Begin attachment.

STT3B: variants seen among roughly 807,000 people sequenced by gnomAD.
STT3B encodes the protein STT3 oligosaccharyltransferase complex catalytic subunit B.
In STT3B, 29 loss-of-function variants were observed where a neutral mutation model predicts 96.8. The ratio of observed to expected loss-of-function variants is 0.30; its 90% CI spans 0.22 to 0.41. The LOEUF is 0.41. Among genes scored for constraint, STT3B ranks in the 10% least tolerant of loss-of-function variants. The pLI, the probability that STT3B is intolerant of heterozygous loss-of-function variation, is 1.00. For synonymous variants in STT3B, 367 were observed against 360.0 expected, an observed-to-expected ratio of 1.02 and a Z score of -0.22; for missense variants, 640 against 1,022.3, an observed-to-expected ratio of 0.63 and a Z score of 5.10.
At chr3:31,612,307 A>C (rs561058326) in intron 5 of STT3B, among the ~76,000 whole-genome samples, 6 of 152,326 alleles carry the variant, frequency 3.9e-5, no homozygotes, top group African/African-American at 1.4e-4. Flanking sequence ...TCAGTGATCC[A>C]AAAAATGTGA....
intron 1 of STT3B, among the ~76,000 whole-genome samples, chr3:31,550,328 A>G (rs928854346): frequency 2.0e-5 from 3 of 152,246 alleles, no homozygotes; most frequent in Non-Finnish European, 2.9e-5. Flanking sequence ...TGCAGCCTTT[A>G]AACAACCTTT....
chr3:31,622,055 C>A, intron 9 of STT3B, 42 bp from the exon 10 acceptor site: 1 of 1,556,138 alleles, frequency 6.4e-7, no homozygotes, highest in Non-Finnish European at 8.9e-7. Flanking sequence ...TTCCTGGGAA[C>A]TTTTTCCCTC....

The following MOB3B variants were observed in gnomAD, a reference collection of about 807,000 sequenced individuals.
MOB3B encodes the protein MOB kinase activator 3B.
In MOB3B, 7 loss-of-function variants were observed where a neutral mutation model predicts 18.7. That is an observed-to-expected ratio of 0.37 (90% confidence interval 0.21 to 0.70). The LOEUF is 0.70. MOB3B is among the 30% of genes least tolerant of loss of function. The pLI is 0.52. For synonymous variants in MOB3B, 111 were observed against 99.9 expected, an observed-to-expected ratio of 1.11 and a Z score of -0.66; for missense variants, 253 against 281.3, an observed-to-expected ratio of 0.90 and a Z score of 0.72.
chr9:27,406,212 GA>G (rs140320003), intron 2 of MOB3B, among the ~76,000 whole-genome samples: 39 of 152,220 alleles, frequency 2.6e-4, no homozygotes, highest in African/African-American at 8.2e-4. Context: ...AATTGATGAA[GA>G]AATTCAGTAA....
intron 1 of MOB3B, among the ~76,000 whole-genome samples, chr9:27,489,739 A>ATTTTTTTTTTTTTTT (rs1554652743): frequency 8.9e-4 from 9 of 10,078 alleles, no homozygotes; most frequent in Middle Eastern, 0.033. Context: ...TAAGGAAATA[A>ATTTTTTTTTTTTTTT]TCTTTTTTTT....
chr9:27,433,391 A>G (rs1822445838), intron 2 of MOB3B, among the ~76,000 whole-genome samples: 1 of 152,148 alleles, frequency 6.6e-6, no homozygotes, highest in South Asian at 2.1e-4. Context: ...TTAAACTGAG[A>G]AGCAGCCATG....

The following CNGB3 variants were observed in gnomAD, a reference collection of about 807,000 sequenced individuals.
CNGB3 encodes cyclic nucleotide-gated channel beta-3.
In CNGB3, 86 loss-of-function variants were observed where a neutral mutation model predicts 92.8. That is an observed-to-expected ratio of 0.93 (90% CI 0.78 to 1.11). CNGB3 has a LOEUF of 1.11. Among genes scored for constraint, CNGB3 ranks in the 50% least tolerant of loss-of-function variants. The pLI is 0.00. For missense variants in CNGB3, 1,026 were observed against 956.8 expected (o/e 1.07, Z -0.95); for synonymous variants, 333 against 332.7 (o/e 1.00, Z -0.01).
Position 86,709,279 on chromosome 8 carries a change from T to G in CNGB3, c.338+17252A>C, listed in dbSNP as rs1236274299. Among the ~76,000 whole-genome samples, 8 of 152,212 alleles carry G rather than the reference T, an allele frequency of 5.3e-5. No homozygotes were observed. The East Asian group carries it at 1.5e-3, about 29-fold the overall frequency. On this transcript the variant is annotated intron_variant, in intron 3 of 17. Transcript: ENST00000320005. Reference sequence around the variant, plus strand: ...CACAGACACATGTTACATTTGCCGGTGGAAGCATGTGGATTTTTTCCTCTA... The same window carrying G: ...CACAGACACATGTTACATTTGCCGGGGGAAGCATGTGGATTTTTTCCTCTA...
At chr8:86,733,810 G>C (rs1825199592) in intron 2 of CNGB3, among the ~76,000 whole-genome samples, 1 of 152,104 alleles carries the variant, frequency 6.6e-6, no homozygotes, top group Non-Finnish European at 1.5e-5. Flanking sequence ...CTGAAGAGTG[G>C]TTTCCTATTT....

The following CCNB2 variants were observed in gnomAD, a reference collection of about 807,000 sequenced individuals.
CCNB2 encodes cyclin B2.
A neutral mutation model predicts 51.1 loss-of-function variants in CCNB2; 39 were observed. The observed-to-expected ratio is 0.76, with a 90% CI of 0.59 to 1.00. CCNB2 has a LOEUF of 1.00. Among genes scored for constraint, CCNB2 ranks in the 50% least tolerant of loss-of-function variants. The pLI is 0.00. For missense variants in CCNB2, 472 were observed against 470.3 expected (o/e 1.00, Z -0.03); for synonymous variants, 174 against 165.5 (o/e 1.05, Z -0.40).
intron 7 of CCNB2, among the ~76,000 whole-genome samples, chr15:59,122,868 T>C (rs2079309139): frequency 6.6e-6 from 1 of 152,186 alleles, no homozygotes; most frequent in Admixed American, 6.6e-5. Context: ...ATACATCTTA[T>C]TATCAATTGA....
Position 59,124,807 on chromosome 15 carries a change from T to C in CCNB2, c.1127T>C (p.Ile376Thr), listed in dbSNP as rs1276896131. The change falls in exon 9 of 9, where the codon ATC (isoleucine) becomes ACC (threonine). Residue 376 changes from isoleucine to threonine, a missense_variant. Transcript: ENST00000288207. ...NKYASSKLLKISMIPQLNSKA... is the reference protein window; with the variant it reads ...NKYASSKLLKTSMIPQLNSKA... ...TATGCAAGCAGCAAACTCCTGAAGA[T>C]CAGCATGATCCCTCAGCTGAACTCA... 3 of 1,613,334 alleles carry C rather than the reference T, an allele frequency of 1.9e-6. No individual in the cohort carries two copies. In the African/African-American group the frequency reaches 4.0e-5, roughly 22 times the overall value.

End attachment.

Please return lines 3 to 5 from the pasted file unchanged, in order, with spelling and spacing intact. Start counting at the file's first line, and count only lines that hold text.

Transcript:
In STT3B, 29 loss-of-function variants were observed where a neutral mutation model predicts 96.8. The ratio of observed to expected loss-of-function variants is 0.30; its 90% CI spans 0.22 to 0.41. The LOEUF is 0.41. Among genes scored for constraint, STT3B ranks in the 10% least tolerant of loss-of-function variants. The pLI, the probability that STT3B is intolerant of heterozygous loss-of-function variation, is 1.00. For synonymous variants in STT3B, 367 were observed against 360.0 expected, an observed-to-expected ratio of 1.02 and a Z score of -0.22; for missense variants, 640 against 1,022.3, an observed-to-expected ratio of 0.63 and a Z score of 5.10.
At chr3:31,612,307 A>C (rs561058326) in intron 5 of STT3B, among the ~76,000 whole-genome samples, 6 of 152,326 alleles carry the variant, frequency 3.9e-5, no homozygotes, top group African/African-American at 1.4e-4. Flanking sequence ...TCAGTGATCC[A>C]AAAAATGTGA....
intron 1 of STT3B, among the ~76,000 whole-genome samples, chr3:31,550,328 A>G (rs928854346): frequency 2.0e-5 from 3 of 152,246 alleles, no homozygotes; most frequent in Non-Finnish European, 2.9e-5. Flanking sequence ...TGCAGCCTTT[A>G]AACAACCTTT....